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Encryption is a way to transform a message so that only the sender and recipient can read, see or understand it. The mechanism is based on the use of mathematical procedures to scramble data so that it is extremely difficult for anyone other than authorized recipients to recover the original message

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The formula or algorithm converts the intended data (Credit card number, Social security number etc.) into an encoded message using a key to decode or decipher the message. Plaintext:- The message that is being protected. Key:- A series of electronic signals stored on a PC’s hard disk or transmitted as blips of data over transmission lines.

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PKI:- Public Key Infrastructure creates the ability to authenticate users, maintain privacy, ensure data integrity, and process transactions without the risk of repudiation. It satisfies four e-security needs. 1. Authentication 2. Integrity 3. No repudiation- procedure that prevents sender and vendor from credibly denying that they sent or received a specific message, file etc. 4. Privacy

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Cryptographic techniques are a means of securely transferring data over Internet applications. It is the science of applying complex mathematics to increase the security of electronic transactions. Basic encryption relies on two components: an algorithm and a key. Encrypting information is simple: A computer program is used that has an encryption algorithm

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For encryption to work, both sender and receiver have to know the rules used to transform the original message or transaction into its coded form. A set of rules for encoding and decoding messages is called a cipher. The encoded message is called a ciphertext. A message can be decrypted only if the decryption key matches the encryption key.

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3 cryptographic algorithms: Message-digest algorithms Map variable-length plaintext to fixed-length ciphertext. Secret-key algorithms Use one single key to encrypt and decrypt. Public-key algorithms Use 2 different keys – public key and private key.

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It is a variable value that is used by cryptographic algorithms to produce encrypted text, or decrypt encrypted text. The length of the key reflects the difficulty to decrypt from the encrypted message. EncryptionDecryption Plaintext Ciphertext Key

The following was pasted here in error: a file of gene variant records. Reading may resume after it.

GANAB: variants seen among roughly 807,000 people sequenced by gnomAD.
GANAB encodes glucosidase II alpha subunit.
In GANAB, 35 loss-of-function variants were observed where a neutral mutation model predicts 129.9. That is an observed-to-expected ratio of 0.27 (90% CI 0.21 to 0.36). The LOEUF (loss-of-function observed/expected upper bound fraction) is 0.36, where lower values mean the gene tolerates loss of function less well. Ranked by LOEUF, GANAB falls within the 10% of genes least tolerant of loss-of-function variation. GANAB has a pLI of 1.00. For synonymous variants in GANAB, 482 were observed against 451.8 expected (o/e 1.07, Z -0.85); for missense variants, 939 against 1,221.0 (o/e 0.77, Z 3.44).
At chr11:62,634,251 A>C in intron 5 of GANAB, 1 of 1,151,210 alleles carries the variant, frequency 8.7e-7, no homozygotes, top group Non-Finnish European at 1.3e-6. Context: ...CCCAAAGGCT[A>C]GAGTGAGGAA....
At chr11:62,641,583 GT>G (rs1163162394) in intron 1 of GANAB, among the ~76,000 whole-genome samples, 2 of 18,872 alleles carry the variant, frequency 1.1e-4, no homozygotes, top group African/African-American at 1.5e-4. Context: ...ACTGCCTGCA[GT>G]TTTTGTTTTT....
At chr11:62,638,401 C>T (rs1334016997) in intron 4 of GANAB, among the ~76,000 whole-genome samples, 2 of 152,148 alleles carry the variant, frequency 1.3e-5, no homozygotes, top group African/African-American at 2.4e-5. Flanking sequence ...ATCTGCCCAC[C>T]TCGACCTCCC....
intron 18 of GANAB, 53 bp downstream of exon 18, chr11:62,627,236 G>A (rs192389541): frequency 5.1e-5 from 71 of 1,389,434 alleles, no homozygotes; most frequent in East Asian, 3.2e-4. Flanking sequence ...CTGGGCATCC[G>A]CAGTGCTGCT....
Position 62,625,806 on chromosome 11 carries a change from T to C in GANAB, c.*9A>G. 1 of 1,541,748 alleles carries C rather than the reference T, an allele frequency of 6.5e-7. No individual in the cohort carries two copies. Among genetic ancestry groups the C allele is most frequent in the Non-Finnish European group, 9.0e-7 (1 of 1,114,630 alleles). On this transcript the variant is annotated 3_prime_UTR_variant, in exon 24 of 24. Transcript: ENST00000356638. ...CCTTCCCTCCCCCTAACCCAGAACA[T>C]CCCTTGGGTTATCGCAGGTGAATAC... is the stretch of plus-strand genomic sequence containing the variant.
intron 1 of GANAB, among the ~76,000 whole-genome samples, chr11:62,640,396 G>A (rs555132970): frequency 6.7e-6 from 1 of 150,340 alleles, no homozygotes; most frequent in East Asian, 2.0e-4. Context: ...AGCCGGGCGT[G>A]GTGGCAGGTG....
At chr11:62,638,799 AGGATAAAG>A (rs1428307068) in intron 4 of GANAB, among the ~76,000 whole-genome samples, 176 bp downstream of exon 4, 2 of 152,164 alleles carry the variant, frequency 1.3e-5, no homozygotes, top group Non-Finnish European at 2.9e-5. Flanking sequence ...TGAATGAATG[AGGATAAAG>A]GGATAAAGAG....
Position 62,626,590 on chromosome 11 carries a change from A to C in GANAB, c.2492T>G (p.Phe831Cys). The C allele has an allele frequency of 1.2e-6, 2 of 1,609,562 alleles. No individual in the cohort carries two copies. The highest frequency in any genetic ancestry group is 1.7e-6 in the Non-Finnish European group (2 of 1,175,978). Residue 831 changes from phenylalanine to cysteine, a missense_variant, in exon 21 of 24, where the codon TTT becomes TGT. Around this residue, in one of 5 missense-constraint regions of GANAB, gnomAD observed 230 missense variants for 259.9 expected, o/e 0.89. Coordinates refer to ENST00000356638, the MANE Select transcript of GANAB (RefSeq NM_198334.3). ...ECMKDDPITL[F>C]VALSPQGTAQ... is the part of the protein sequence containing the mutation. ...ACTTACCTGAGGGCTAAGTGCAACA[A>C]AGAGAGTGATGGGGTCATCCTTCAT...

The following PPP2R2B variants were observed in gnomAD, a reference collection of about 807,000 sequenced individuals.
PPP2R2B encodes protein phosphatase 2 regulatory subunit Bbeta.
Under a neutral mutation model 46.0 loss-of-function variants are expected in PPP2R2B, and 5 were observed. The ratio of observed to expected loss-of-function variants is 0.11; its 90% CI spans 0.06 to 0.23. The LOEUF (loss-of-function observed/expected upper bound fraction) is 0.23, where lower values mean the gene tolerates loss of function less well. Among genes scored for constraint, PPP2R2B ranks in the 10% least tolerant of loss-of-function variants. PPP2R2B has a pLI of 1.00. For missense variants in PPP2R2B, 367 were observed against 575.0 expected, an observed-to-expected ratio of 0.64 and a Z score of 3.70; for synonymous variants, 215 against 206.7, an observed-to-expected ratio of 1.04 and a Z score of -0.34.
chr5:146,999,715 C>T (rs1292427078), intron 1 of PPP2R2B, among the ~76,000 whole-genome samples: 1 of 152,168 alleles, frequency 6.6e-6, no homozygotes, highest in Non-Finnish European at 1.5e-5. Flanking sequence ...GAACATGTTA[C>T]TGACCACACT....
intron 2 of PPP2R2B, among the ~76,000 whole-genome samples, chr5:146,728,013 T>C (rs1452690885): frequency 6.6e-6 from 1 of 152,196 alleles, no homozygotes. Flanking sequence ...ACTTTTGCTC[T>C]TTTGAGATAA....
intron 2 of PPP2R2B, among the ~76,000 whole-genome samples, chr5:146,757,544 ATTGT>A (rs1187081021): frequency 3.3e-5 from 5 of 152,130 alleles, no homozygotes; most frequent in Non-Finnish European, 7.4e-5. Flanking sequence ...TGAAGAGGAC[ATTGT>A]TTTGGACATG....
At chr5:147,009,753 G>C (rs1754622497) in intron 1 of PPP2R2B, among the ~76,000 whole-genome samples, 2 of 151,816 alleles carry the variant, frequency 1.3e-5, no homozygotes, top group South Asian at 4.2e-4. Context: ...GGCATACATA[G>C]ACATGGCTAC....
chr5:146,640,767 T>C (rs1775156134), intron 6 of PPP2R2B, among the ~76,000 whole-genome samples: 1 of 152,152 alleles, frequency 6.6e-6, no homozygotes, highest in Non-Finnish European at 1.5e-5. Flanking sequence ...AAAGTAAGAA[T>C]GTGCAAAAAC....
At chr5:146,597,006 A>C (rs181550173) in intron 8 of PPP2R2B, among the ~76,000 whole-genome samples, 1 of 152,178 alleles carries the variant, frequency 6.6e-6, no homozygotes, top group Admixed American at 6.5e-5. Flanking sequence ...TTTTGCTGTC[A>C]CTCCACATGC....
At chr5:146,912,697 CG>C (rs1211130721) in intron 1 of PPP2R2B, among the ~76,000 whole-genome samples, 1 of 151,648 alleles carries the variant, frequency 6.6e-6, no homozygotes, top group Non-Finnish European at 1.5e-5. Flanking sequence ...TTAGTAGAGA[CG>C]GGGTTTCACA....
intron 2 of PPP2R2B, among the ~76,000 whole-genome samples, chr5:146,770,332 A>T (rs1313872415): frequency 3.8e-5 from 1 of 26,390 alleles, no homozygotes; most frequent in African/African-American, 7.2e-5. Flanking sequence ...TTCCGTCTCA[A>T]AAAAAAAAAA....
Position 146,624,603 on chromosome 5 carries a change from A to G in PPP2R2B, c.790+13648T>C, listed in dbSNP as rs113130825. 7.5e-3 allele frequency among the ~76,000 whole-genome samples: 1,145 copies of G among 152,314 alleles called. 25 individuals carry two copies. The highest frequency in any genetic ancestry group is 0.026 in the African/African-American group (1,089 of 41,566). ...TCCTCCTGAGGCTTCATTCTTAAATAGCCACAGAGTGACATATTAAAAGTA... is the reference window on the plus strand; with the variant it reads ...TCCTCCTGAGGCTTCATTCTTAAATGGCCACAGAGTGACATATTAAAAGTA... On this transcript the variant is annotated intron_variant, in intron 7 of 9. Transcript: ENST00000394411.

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It is the number of bits (bytes) in the key. A 2-bit key has four values 00, 01, 10, 11 in its key space A key of length “ n ” has a key space of 2^n distinct values. E.g. the key is 128 bits 101010101010 ….10010101111111 There are 2^128 combinations 340 282 366 920 938 463 463 374 607 431 768 211 456

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CSC1720 – Introduction to Internet 10 Encrypted Text Original Text + Secret key = Encrypted Text Original TextSecret key + = Encryption Decryption

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Use a secret key to encrypt a message into ciphertext. Use the same key to decrypt the ciphertext to the original message. Also called “ Symmetric cryptography ”. 11 EncryptionDecryption Plaintext Ciphertext Secret Key

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All keys need to be replaced, if one key is compromised. Not practical for the Internet environment. On the other hand, the encryption speed is fast. Suitable to encrypt your personal data. CSC1720 – Introduction to Internet 12

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Involves 2 distinct keys – public, private. The private key is kept secret and never be divulged, and it is password protected (Passphase). The public key is not secret and can be freely distributed, shared with anyone. It is also called “ asymmetric cryptography ”. Two keys are mathematically related, it is infeasible to derive the private key from the public key. 100 to 1000 times slower than secret-key algorithms. EncryptionDecryption Plaintext Ciphertext Public KeyPrivate Key

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First, create public and private key Public key Private key Private key stored in your personal computer Public Key Directory Public Key Public key stored in the directory